Brian Farrington Ltd. moves into the Procurement Risk business

Happy Memories for CIPS Students?

Brian Farrington Ltd (BFL) is one of the world’s longest established procurement and supply chain consultancy and executive training specialists. They were established way back in 1978, when I were just a lad (?), and have worked with 33 FTSE 100 firms as well as leading organisations in North America, southern Africa and Asia. Farrington himself will be well known to many in the profession as the co-author of the classic book, “Purchasing and Supply Chain Management”, one of our profession’s standard reference and education works.

But the firm is now moving into a new area with a solution based around the very topical area of procurement and supply chain risk, and I met Stephen Ashcroft from the firm recently to talk about it. The product is called “PROCURISK™” and it is aimed at helping organisations make an objective assessment of where their own supply chain and procurement risk lies.  It is made up of a combination of an online assessment tool, which users can complete to receive a risk positioning status, plus the option of consulting-type support from BFL to verify the assessment or get more involved in the evaluation and in developing actions.

PROCURISK™ has twelve “carefully designed and structured areas of Procurement & Supply Chain risk, including financial risks”. These cover an impressively broad scope, namely:

  • Contract Risks
  • Financial Risks
  • Supply Market Risks
  • Supplier Relationship Management Risks
  • IT Systems Support Risks
  • Procurement Dependency Risks
  • Intellectual Property Risks
  • Pricing Decision Risks
  • Vendor Risks
  • Procurement Performance Visibility Risks
  • Intellectual Capital Risks
  • Contract Management Risks

Supply Chain Risk is one of those topics where we perceive that there is more heat than light. Everybody talks about it, yet few organisations really carry though procurement risk analysis and action to the point that it would stand up to real scrutiny. Common issues include identifying areas of concern but then not putting the effort into how to mitigate, eliminate – or indeed accept – those risks.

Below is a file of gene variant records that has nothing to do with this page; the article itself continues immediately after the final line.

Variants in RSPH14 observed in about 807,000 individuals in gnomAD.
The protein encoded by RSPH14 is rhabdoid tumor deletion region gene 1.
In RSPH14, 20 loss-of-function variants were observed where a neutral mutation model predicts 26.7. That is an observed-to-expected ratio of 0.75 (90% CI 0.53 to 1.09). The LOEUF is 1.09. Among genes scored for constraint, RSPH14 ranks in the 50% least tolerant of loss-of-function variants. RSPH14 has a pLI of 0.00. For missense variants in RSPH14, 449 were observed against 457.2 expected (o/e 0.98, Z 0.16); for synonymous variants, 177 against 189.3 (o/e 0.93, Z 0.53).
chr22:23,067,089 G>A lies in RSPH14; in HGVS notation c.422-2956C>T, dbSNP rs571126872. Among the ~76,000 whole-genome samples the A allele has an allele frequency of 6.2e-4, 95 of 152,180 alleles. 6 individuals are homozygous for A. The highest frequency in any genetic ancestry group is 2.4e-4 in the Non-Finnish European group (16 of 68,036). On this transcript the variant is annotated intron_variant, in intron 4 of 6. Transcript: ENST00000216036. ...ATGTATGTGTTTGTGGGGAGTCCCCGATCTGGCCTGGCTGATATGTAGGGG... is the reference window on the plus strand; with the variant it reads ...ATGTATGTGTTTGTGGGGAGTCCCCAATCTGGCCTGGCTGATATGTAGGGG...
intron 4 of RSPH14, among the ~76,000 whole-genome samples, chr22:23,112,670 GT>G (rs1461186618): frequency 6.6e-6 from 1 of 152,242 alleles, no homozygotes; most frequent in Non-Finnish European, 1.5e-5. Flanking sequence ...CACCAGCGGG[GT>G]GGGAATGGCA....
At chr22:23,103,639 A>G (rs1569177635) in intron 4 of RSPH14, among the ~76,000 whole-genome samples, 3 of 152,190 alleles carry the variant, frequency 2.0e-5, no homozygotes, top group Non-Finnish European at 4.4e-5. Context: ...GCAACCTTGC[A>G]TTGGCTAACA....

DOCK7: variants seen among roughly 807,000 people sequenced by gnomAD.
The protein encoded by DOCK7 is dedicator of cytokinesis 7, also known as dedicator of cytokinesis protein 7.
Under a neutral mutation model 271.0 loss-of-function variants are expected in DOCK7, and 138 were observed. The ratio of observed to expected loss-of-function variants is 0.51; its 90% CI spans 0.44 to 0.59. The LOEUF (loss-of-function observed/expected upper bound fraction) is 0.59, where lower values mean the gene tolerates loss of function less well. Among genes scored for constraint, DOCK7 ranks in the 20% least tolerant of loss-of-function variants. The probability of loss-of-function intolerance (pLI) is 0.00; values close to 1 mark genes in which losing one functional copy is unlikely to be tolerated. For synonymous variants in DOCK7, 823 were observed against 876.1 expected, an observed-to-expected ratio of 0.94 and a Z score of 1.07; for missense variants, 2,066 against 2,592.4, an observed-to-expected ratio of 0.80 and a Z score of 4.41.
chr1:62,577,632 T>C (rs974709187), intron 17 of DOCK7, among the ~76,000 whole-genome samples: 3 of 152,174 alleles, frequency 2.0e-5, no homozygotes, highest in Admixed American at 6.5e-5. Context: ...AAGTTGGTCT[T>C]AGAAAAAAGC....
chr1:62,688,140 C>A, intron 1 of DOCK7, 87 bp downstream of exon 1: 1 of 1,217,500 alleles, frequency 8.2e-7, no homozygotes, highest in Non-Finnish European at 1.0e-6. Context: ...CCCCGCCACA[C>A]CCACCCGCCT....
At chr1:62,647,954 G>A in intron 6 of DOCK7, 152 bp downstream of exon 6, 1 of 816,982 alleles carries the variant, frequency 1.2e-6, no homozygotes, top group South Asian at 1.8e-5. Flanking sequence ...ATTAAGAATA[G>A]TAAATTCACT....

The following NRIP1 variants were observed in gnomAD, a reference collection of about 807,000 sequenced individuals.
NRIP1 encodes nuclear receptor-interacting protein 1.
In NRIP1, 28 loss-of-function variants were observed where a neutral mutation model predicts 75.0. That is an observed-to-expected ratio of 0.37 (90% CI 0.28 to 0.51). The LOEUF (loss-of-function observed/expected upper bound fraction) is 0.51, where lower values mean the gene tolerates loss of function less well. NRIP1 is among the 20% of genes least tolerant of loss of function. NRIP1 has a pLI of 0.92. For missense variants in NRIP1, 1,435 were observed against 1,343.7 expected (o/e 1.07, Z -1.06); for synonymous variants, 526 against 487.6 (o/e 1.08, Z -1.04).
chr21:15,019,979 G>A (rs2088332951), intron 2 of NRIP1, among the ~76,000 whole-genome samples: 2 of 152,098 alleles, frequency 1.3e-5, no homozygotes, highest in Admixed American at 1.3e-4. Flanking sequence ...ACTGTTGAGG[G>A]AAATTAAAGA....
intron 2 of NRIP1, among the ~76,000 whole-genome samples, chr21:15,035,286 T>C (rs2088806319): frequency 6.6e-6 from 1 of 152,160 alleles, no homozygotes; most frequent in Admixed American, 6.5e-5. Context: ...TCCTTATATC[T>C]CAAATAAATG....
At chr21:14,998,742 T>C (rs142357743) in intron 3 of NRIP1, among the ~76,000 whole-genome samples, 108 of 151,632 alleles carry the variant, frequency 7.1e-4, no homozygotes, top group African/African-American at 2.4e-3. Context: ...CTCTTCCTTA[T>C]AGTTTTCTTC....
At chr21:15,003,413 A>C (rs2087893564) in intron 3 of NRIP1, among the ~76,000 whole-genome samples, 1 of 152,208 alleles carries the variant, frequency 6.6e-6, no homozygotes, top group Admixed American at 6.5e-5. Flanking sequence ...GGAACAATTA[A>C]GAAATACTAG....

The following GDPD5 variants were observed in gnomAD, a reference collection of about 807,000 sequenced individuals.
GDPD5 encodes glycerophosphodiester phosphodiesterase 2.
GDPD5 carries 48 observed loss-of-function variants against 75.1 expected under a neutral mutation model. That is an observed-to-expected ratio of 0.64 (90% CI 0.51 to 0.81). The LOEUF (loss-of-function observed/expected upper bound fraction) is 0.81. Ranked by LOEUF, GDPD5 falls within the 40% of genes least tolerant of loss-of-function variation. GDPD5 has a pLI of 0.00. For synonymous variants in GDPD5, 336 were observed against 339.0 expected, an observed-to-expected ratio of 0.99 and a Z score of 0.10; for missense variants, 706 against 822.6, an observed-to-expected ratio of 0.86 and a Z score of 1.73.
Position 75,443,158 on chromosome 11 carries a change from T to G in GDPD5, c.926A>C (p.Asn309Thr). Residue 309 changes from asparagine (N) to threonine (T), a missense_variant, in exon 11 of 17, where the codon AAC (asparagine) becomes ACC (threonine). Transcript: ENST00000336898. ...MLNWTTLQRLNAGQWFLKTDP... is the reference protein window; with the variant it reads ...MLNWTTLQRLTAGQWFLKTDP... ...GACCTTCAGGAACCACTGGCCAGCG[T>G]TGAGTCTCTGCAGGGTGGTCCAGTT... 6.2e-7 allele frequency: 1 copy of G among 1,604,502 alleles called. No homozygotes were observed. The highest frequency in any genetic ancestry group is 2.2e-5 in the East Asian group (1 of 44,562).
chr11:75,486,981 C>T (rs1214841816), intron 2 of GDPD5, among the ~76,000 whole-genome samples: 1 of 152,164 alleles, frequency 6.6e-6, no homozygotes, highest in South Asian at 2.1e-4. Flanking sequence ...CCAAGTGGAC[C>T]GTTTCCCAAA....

Stephen Ashcroft

And Ashcroft pointed out another classic which really hit home to me, as I suspect I’ve been guilty of it in the past. He talked about procurement functions that have a risk register which includes “hurricane in West Africa” as a risk, but doesn’t include “we don’t know about all the contracts our organisation has in place”.

In other words, external risks which might have serious consequences, but where the probability of the event is low, and the effective mitigation may be limited, get a lot of time and attention. Meanwhile  issues that are far more likely to actually cause problems, and where some strong and positive response may actually lie largely within procurement’s control, are ignored or relegated in the priority list.

We’ll come back to the product next week and take a more detailed look, but in the meantime you can find more details here of what looks like a worthwhile and interesting new tool for procurement practitioners.

Share on Procurious

Voices (9)

  1. MG Man:

    I was also led to the paths of procurement wisdom by Brian Farrington, as well as Paul Steele.
    What a double act!

  2. stephen ashcroft:

    The Guitar Man, Brian grimaced – or perhaps smiled wistfully; Im not sure which. He would, however, welcome contact.

  3. stephen ashcroft:

    Take 2, thanks for your helpful suggestion to research LinkedIn re our genuine attempt to ‘crowd source’ contact with Peter (not, sadly, the Pete you spotted). Our expertise is in procurement, any social media gurus are warmly invited to support us in our search for Peter ;-).

    Meantime here is a short video

    1. The Guitar Man:

      stephen, Do send my best wishes to Brian – Memories of the ‘Home Office’ days!

  4. Take2:


    Is the Pete Baldwin at Glaxo you’re referring to above on Linked In:

    I hesitate to say this, because I’m guessing your request was a casual afterthought, but as a ‘leading consultancy’ shouldn’t you have this at your fingertips as first port of call when researching companies and the people working for them?

  5. Brian Farrington:

    Thank you, Guitar Man and Phoenix. Brian remains active in the business and we continue to provide specialised training and consultancy services for a wide range of sectors. We are innovative and solve many difficult problems. Risk is our latest initiative, having had clients experience nightmares in their supply chain. Best wishes to all our friends and by the way – does anyone out there know the whereabouts of Peter Baldwin (Ex Glaxo)?

  6. Phoenix:

    Is Brian himself still operating? I remember being trained by Brian back in the eighties. He was a big inspiration.

  7. The Guitar Man:

    Happy memories indeed. Brian is a great man, taught me everything I know about procurement (along with Paul Ellis- now at PA) – a procurement legend. First class outfit and best wishes to them!

Discuss this:

Your email address will not be published. Required fields are marked *

This site uses Akismet to reduce spam. Learn how your comment data is processed.